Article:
BENTON PARK – It was a packed house over the weekend at the Cherokee Recreation Center, 3200 S. Jefferson Ave., for the fourth annual Malik White Basketball Classic Showdown. Dozens of spectators flocked to the gym in anticipation of the tournament, established in memory of rising basketball star Malik White.
Malik, 16, was murdered on Aug. 21, 2002, near his home in Jennings. He was a junior at Vashon High School.
The showdown was organized by Ramona Fortner, Malik’s mother, to honor her son’s memory.
Affectionately called “Mama White” by her family and friends, Fortner wore a blue T-shirt with the smiling faces of both her son and a daughter displayed across the front.
Fortner told the crowd, “The reason that I hold this event every year is because, for one, it is needed. … I had two children that were murdered.”
“I miss my kids like any other mother would,” Fortner said. “Each one of them have a special meaning in life.”
“My voice changes when I talk about Robin because that was my first baby.” she said. “She was murdered in 2007. They were five years apart. She was so protective over her sisters and brothers.”
Fortner has made it her mission to speak out against black-on-black crime, and one way she does that is by hosting the basketball showdown each year.
The women played a match first, followed by the men. The afternoon featured free food, candy and drinks, an awards ceremony, spoken word poetry and performances from several local organizations including Gentlemen of Vision and the Saint Boogie Brass Band.
Fortner said that in her effort to unite people and honor her son’s legacy, she has received support from other families who have lost children due to gun violence.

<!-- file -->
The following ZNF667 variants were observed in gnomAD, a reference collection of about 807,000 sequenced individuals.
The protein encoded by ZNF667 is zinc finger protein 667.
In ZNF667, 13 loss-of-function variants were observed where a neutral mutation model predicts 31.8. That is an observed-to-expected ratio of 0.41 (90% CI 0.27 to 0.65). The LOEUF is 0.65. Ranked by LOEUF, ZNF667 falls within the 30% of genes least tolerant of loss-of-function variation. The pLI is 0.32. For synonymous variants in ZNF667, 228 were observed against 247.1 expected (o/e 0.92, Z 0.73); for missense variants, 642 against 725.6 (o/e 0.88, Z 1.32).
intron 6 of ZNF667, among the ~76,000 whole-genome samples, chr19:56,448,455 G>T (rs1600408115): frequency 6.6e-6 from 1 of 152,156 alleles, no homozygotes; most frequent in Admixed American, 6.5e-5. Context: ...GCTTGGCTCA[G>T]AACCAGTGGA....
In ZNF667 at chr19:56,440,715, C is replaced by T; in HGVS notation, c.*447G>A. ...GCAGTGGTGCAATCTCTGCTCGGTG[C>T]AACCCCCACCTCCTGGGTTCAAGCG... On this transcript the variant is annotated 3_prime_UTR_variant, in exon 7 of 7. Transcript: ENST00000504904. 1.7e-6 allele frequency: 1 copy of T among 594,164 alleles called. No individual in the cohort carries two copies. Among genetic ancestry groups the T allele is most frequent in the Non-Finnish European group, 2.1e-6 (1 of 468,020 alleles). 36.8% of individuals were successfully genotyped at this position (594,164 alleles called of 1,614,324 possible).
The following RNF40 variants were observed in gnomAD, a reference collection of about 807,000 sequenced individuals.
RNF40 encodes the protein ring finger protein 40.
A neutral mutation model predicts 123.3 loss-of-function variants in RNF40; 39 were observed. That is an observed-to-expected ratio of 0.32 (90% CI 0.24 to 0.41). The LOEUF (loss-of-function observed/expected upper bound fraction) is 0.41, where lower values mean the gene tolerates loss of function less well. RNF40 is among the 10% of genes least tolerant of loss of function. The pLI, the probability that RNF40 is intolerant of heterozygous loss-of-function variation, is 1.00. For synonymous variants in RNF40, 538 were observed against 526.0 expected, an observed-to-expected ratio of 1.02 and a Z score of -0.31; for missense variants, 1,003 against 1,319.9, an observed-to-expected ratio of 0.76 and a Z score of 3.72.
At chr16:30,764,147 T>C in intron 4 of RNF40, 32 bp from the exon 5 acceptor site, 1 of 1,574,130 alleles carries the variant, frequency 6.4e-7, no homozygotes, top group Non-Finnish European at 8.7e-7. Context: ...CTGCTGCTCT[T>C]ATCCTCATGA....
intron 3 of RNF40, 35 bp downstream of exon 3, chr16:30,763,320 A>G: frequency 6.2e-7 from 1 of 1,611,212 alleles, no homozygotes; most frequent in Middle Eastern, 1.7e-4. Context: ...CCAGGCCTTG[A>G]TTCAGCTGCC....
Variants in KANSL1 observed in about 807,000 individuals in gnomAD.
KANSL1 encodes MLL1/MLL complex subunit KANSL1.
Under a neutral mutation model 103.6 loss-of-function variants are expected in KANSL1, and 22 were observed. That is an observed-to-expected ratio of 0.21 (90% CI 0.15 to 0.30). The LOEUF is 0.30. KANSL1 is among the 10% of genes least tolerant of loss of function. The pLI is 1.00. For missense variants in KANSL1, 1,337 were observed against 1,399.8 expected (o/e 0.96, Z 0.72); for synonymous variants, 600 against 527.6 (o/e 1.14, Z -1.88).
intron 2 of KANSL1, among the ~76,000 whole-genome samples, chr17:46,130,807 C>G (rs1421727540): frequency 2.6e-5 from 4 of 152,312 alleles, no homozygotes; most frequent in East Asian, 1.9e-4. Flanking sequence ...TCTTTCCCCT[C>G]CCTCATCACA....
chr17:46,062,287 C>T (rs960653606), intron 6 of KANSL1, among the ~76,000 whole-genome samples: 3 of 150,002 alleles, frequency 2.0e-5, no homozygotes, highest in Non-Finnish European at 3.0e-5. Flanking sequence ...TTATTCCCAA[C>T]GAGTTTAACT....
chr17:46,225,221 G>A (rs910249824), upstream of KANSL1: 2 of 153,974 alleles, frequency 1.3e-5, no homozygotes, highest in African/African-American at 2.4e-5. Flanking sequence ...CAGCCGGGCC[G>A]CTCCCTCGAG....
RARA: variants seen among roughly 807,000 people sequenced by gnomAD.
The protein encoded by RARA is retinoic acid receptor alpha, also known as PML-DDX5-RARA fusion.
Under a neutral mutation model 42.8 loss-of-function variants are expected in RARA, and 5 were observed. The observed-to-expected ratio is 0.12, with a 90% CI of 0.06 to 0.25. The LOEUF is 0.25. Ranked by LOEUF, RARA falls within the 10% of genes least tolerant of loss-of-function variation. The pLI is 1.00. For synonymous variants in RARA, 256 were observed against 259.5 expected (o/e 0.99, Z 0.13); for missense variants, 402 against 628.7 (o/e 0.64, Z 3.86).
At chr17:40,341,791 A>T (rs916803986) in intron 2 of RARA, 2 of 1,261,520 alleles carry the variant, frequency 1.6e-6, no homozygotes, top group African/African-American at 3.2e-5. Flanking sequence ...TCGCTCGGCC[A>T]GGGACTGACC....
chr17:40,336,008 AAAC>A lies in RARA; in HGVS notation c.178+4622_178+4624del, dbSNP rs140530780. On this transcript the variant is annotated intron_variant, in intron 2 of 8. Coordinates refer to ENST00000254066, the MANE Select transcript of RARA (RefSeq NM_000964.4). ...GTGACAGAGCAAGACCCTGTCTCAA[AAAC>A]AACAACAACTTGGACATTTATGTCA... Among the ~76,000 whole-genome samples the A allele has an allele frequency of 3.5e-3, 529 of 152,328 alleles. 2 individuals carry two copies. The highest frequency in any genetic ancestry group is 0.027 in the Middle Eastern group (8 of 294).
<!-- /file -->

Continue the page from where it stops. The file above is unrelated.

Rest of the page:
James Bolden’s daughter Jamyla, 9, was shot and killed in 2015 while lying in bed in what was called a case of retaliation. The Bolden family attended the showdown, and Bolden and Fortner shared how the death of their children had brought them together.
Fortner honored Bolden with an award at the showdown for being a positive influence.
“I actually accept this award not just for my daughter and my kids but for a lot of kids that have transitioned over the years,” Bolden said.
Bolden said strength from God was what pulled him through the dark times after his daughter’s death.
“I want people to understand that our stories [are] no bigger than the next story. We’re just a small piece on the chess board, trying to open other people’s eyes,” he said.
Alderwoman Cara Spencer, 20th Ward, presented Mama White with a resolution from the Board of Aldermen in memory of Malik and Robin.
Fortner said through tears, “It’s been 17 years since Malik was murdered and 12 years for Robin, so this is like a huge thing to give to a mother who has been out here fighting for equality.”
“This is why I do the annual event every year, to show people what God has done for me and that even at your weakest moment you will have strength and there is a such thing as the light at the end of the tunnel.”
Spencer wrote on her Facebook page, “It’s a great honor to stand in support of Ramona Fortner in her steadfast vigilance against gun violence. After [losing] two children to gun violence in St. Louis, Ramona has channeled an unthinkable pain to be a positive force for good.”
Mama White, with a microphone in hand, speaking to a gym filled with dozens of people, declared: “God picked this six-foot-one-and-a-half lady over here to get you in the gym to make you understand that the program is about love and kindness.”